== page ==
Jevel Demikovski (known as Jules Olitski), painter, printmaker, and sculptor, was born on this day, 1922 in Snovsk, Russia. Two years after his birth and the execution of his father by the Soviet government, his family moved to the United States and settled in New York. That is where Olitski attended the National Academy of Design and Beaux Arts Institute. His art education further continued in Paris (at the Ossip Zadkine School and the Académie de la Grande Chaumiére) where his first solo show was exhibited at Galerie Huit in 1951.
His simple but thoroughly thought-out compositions of circular shapes began to dominate as Olitski decided to focus exclusively on colour and avoid any figurative and narrative motifs or personal expression in his paintings. The artist experimented with different ways of applying diluted paint, sometimes with rollers or sponges, in order to ‘stain’ the canvases, so that the paint would soak in and dry on its own. In 1965 Olitski presented new, pioneering approach in his works - he began to use industrial spray guns. This technique enabled him to produce paintings that drew viewers’ attention to the qualities of pure colour and to achieve perfectly seamless transitions of pigment. The subtle changes in intensity, tonal gradation and illusions of misty layers, floating in the air rather than being painted directly by the artist, seem to lack any traces of the human hand.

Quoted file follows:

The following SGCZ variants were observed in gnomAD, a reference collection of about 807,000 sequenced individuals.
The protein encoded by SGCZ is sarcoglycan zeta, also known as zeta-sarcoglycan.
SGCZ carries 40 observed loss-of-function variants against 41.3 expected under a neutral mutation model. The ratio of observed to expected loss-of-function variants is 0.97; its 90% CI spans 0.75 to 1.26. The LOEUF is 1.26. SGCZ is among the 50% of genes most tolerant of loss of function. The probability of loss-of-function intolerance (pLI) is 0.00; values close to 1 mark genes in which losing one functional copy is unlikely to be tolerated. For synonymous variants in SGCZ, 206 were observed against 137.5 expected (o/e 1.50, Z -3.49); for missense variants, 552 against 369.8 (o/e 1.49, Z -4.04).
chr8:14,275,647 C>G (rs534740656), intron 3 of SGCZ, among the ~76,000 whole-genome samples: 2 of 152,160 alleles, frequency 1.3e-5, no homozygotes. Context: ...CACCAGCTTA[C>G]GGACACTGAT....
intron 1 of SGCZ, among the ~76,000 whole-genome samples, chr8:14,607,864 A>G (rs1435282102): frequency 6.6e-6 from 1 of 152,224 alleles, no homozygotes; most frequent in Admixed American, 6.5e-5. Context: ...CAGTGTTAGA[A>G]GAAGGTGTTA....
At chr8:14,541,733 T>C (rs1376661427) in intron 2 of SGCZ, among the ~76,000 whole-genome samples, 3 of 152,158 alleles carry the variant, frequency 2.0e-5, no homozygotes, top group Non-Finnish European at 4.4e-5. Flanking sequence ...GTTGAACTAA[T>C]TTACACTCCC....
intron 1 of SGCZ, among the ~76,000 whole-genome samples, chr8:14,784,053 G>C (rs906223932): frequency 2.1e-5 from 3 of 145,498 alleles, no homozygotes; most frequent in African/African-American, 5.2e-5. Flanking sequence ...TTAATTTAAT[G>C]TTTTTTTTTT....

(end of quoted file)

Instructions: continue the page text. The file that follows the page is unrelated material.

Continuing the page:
Olitski is often credited for the development of the so-called Color Field movement. As it is characterized by emphasis on the large fields of monochromatic pigment and devotion to pure abstraction, his works from mid-1960s, such as Patutsky in Paradise (1966), perfectly encompass these ideas. Even though Olitski was not as popular as some of his contemporaries associated with this movement, his ‘spray’ pieces are said to be some of the most important produced within the Color Field.
During 1960s his works were exhibited all over the globe and, in 1966, Olitski himself was selected to represent the United States at the Venice Biennale. What is more, in 1969 he became the first living US-born artist to be given a solo exhibition at the Metropolitan Museum of Art by showcasing a series of spray-painted sculptures.
Olitski died on February 4th, 2007 in New York.